STEALING SHEEP Into The Diamond Sun (Heavenly)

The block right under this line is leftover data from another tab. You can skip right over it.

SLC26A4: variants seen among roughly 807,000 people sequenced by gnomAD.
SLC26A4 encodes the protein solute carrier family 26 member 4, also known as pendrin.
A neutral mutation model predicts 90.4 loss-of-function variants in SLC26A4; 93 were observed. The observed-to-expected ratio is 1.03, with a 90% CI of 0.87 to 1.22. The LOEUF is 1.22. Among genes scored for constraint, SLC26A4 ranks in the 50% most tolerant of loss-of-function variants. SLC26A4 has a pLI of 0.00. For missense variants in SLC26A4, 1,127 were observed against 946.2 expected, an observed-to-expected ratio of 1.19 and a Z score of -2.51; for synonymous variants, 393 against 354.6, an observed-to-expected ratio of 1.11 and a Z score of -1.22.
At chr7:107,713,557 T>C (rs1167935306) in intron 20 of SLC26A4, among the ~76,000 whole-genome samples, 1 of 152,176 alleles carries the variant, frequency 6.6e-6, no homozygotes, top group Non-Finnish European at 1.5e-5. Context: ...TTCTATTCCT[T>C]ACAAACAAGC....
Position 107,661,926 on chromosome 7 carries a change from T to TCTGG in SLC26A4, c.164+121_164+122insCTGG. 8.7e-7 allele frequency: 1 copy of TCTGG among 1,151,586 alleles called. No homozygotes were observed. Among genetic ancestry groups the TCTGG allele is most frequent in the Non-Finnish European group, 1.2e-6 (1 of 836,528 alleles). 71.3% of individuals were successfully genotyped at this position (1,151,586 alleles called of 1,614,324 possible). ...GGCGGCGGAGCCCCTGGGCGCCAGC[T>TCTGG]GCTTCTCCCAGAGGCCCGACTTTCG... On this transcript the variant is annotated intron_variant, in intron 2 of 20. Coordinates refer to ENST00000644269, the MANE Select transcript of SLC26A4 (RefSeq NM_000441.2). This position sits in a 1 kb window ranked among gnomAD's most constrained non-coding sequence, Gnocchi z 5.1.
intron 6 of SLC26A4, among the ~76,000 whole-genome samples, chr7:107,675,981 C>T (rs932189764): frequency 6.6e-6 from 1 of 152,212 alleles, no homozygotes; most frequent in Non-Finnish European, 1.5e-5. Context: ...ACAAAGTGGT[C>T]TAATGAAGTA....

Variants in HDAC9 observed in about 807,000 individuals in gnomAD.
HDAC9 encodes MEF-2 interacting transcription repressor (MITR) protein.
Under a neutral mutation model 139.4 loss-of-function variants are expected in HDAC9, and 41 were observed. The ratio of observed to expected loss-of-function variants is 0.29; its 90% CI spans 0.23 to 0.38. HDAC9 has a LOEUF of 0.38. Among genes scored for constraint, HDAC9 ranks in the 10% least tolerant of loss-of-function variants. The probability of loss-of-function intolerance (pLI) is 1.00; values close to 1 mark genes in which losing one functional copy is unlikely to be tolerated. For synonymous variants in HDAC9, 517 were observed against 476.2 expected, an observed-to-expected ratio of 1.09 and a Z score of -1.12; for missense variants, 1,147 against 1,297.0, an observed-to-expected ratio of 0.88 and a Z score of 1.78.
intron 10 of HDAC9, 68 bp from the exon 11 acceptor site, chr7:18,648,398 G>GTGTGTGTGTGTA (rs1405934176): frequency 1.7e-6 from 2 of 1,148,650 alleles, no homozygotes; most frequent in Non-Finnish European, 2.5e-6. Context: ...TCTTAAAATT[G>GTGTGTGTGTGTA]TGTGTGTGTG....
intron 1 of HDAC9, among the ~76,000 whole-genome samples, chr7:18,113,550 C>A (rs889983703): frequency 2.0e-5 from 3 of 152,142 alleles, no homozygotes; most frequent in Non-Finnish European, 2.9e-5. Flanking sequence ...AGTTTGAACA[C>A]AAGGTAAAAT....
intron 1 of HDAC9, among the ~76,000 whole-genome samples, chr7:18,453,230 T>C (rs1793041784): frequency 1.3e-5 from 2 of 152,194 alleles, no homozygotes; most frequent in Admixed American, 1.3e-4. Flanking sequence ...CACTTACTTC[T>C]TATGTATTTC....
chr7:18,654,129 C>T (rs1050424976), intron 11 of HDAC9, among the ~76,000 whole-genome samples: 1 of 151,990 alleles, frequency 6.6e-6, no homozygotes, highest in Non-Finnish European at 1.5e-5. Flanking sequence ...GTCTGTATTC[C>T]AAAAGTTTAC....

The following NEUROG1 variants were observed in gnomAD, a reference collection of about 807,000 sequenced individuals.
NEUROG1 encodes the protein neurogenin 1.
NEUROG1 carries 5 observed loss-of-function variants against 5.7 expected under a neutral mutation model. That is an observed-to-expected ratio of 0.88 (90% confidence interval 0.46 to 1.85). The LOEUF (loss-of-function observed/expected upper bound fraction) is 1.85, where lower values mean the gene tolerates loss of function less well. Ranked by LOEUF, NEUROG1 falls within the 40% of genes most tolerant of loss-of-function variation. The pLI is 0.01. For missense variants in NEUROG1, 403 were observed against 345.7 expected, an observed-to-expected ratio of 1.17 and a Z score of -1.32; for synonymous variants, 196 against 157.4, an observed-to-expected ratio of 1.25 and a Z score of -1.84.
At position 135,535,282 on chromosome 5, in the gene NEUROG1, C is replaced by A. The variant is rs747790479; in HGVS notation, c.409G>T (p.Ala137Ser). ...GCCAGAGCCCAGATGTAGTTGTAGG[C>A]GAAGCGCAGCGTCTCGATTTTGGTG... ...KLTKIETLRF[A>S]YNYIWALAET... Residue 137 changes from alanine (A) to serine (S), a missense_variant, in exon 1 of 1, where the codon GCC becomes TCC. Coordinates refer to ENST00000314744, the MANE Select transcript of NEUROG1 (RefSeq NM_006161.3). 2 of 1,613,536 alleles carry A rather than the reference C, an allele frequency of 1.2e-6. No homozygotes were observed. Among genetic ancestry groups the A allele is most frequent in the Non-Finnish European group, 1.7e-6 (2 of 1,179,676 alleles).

If you cast your mind back to early 2011 you might recall my positive reviews of two EPs by Northern folk trio Stealing Sheep. At last, after an interminable eighteen month wait, comes the debut album, and not only that but an album of completely new songs. The first thing I noticed on hearing their new material is that they seemed to have picked up on the new wave of all-female bands coming through recently, such as Warpaint and Wild Flag, and the out and out folk of their previous work has been usurped by a more rock approach to their songs. The Garden is a case in point, with its stripped back production and rock guitar, but it still features the exquisite harmonies of the girls. Latest single release, Shut Eye, may sound familiar from its use in trailing the last series of Hollyoaks, but even without that exposure it should do well as an introduction to the bands new sound. Partly acapella and partly rhythmically experimental, it is a great single and will hopefully point some people towards its parent album. Rearrange is another track which uses rhythm as a basis for the girls to deliver some subtle harmonies in the verses very much reminding me of Scream And Dance from the 80s (and if you remember them then you are lying!). White Lies has some simplistic lyrics laid over a minimal guitar and drums backing, but it also boasts a catchy tune and so is eminently enjoyable. By now you will have got a handle on the bands sound, which is now much more rhythm-based, with handclaps and tambourine enhancing the drums, and guitar used sparing to hint at the tune. The main ingredient is still the girls voices, which blend together to produce an instrument all of their own, and which they put to good use on all the tracks. Genevieve adds a bit of pop nous to this mix to create a jaunty piece of indie-pop which could well be considered as the next single, while Circles and Gold have enough twists and turns to keep your attention. Tangled Up In Stars is another great track where the band keep the instrumentation to a minimum, but the harmonies and melody make you forget this anomaly and you still enjoy the song. The closing piece really is a departure for the band or any band, for that matter in that it is a nine-minute folk-symphony, seemingly made up of three of four different songs all dove-tailed together, and ending with a solo piano piece. Weird, but strangely compelling, and if that is a direction the band want to take, then its fine by me. I would say yet another album with limited appeal, but if you tried the band after my reviews, or are even remotely into the sound of Warpaint or Wild Flag then you owe it to yourself to hear how we Brits can do it just as well.